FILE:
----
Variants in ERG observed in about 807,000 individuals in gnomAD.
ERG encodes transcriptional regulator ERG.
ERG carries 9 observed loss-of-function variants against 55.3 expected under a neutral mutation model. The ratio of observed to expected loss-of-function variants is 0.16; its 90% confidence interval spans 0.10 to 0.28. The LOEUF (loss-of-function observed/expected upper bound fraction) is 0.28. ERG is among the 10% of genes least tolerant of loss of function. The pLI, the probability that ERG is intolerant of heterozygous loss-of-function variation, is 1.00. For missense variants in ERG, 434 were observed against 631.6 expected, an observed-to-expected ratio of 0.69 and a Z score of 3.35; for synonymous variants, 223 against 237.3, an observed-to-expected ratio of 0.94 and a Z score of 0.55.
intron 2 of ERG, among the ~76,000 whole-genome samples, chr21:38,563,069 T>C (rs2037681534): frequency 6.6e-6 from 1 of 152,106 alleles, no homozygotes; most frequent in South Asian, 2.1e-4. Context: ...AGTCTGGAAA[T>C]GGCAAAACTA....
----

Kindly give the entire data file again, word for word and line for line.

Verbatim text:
Variants in ERG observed in about 807,000 individuals in gnomAD.
ERG encodes transcriptional regulator ERG.
ERG carries 9 observed loss-of-function variants against 55.3 expected under a neutral mutation model. The ratio of observed to expected loss-of-function variants is 0.16; its 90% confidence interval spans 0.10 to 0.28. The LOEUF (loss-of-function observed/expected upper bound fraction) is 0.28. ERG is among the 10% of genes least tolerant of loss of function. The pLI, the probability that ERG is intolerant of heterozygous loss-of-function variation, is 1.00. For missense variants in ERG, 434 were observed against 631.6 expected, an observed-to-expected ratio of 0.69 and a Z score of 3.35; for synonymous variants, 223 against 237.3, an observed-to-expected ratio of 0.94 and a Z score of 0.55.
intron 2 of ERG, among the ~76,000 whole-genome samples, chr21:38,563,069 T>C (rs2037681534): frequency 6.6e-6 from 1 of 152,106 alleles, no homozygotes; most frequent in South Asian, 2.1e-4. Context: ...AGTCTGGAAA[T>C]GGCAAAACTA....